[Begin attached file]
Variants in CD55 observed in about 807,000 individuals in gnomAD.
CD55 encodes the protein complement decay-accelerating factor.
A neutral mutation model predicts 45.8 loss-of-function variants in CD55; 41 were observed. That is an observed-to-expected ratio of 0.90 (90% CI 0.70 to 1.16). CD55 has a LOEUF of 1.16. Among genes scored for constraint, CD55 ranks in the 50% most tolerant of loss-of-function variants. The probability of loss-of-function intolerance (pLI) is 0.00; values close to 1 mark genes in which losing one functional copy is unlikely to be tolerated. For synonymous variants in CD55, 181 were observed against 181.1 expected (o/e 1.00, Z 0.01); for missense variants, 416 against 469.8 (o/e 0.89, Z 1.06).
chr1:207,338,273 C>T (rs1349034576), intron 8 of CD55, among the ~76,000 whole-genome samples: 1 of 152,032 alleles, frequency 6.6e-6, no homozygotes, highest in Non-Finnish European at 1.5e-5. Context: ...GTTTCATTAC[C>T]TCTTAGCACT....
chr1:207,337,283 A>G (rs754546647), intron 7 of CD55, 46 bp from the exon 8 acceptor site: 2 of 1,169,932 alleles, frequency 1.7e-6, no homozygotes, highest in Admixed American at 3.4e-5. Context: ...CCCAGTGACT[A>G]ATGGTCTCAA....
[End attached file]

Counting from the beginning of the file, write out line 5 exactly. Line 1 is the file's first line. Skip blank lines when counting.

chr1:207,337,283 A>G (rs754546647), intron 7 of CD55, 46 bp from the exon 8 acceptor site: 2 of 1,169,932 alleles, frequency 1.7e-6, no homozygotes, highest in Admixed American at 3.4e-5. Context: ...CCCAGTGACT[A>G]ATGGTCTCAA....